A spark plug 122 has its discharge end positioned within the combustion chamber 116 for igniting an air and fuel charge within the combustion chamber. The discharging of the spark plug 122 is preferably controlled by an electronic control unit (ECU) 124 of the engine 22 through an ignition circuit. Preferably, the ignition circuit includes a power source, such as an alternator or magneto, and a voltage increasing coil, for firing of the spark plug, as is well known in the art.
An intake passage 126 is provided through the cylinder block 108 for providing an air and fuel mixture to the combustion chamber 116. The intake passage 126 communicates with a crankcase chamber 128 formed by a crankcase portion 130 of the block 108. The combustion chamber 116 is in communication with the crankcase chamber 128 via one or more additional scavenge passages 132, as is well known in the art.
An exhaust passage 134 is provided through the cylinder block 108 for routing exhaust gases from the combustion chamber 116 to the exhaust manifold 60. As illustrated, a passage or port is provided from the combustion chamber 116 to the passage 134 which is at least partially open at all times except when the piston 118 obscures the port.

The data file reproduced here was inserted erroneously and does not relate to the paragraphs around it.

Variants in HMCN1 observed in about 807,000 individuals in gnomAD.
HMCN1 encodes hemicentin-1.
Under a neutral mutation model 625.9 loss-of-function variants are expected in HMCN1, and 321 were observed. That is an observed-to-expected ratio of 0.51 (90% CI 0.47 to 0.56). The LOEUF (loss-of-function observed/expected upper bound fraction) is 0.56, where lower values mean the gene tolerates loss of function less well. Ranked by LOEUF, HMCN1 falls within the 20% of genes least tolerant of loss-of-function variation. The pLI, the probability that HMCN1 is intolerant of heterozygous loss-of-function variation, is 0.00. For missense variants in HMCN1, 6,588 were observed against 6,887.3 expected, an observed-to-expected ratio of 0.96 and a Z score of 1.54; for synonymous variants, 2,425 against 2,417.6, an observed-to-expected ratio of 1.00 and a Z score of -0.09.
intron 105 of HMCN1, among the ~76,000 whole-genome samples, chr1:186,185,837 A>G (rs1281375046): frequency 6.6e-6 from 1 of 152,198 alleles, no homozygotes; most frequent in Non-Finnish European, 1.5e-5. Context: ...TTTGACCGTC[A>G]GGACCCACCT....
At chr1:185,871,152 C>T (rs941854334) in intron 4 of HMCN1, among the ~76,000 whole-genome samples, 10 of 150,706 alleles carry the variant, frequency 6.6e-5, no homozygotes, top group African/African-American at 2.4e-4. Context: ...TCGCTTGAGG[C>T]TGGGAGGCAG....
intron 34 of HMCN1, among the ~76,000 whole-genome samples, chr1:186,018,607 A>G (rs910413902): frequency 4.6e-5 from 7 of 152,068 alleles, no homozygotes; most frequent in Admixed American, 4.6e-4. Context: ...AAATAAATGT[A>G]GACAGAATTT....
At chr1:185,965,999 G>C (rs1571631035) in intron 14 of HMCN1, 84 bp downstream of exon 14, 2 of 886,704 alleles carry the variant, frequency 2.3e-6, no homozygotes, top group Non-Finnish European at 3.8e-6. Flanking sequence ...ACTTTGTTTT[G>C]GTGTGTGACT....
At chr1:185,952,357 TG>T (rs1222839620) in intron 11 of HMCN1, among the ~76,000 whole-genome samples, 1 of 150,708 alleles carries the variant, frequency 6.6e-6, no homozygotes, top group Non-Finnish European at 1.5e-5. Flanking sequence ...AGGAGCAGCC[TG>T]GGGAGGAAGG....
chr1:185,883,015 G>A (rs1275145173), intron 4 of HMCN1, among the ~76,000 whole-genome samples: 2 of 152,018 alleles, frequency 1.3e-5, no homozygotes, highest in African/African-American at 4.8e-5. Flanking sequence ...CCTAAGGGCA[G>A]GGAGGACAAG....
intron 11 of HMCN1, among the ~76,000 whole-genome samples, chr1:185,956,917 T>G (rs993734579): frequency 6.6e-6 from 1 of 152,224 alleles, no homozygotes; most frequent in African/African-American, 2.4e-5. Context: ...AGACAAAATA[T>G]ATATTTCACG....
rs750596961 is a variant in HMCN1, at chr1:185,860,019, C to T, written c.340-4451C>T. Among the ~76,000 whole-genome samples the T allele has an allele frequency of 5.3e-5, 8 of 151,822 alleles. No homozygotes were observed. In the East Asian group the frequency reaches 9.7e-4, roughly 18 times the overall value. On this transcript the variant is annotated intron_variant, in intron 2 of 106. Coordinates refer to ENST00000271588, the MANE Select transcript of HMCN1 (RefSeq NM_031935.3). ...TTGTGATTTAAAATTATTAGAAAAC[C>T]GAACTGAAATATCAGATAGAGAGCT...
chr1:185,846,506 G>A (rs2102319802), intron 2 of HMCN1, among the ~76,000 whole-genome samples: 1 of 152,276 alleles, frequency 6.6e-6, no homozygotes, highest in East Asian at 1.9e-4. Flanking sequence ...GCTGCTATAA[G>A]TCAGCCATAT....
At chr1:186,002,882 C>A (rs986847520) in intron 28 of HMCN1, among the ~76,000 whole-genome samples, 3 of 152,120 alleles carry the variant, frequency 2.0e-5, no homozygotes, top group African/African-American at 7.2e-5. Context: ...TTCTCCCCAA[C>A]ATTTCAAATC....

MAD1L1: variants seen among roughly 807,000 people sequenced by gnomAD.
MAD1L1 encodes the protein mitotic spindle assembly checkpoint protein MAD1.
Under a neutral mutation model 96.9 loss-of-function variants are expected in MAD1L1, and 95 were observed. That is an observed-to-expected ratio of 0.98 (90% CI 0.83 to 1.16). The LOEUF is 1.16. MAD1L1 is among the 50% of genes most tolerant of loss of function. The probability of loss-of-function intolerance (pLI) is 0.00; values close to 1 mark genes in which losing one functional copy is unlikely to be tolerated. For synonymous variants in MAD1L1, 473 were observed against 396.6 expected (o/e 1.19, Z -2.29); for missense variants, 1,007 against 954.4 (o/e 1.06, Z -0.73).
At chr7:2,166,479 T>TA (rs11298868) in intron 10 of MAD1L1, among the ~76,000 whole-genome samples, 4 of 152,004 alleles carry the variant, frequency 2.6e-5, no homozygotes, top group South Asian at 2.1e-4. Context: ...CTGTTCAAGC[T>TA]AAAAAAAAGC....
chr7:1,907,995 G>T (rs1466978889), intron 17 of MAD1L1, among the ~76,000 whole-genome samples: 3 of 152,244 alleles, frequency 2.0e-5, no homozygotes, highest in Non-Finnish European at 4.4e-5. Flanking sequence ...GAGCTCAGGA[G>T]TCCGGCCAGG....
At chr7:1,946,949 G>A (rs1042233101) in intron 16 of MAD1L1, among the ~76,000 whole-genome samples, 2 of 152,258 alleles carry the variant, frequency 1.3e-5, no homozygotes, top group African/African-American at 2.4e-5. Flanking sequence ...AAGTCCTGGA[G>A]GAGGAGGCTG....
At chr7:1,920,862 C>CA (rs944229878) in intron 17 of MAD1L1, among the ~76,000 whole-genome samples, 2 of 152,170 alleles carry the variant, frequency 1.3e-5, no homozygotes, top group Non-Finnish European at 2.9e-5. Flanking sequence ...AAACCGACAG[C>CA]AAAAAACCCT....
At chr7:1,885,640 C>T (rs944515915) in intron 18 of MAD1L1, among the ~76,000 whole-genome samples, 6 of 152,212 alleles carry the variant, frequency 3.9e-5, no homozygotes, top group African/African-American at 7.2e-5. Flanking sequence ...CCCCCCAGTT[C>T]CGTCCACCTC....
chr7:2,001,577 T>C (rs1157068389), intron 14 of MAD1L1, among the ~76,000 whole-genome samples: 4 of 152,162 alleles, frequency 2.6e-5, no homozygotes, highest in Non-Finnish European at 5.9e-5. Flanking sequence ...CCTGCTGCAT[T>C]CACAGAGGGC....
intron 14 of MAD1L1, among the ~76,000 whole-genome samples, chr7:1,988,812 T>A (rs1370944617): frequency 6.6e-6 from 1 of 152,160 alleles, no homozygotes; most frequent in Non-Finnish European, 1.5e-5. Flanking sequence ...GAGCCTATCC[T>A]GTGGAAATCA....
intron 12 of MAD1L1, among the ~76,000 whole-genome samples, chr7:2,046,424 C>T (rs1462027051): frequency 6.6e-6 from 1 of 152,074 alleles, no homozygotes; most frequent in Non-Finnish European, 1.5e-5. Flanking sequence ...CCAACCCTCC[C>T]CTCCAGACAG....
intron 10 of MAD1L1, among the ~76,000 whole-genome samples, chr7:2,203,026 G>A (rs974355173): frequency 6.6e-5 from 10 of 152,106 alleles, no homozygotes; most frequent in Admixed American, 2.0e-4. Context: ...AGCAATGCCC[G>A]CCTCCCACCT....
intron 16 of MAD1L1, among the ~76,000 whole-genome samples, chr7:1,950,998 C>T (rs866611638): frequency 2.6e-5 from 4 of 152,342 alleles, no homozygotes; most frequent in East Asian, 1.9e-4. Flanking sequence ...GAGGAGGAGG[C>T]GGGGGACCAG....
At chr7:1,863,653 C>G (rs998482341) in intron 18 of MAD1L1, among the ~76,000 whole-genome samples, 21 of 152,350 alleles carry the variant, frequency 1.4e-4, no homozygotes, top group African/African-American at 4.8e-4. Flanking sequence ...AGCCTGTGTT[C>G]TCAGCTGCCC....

A variable timing exhaust valve 136 is movably positioned within a recessed mounting 138 of the passage 134. The valve 136 is movable between two positions 140: an open position (illustrated in solid lines) in which it does not obstruct the exhaust passage 134, and a closed position (illustrated in dotted lines) in which it does obstructs a portion of the exhaust passage, with the degree to which the valve is closed determining the start and end time for the passage of exhaust from the combustion chamber 116. In the open position, the piston 118 moves downwardly below the exhaust port opening earlier, and upwardly to obscure the port later, than when the valve 136 is closed. As described below, movement of the valve 136 from the closed position to the open position causes the time during which exhaust may flow from the combustion chamber 116 to increase.
The valve 136 may be operated by a servo motor 137 or similar means known in the art, by way of the ECU 124. Preferably, a lubricant passage 142 provides lubricant to the area between the valve 136 and the mounting 138.
As best illustrated in FIG. 3, a charge forming system is provided for forming an air/fuel charge for supplying to the engine 22 through the intake passage 126. Preferably, this charge forming system comprises a carburetor 146.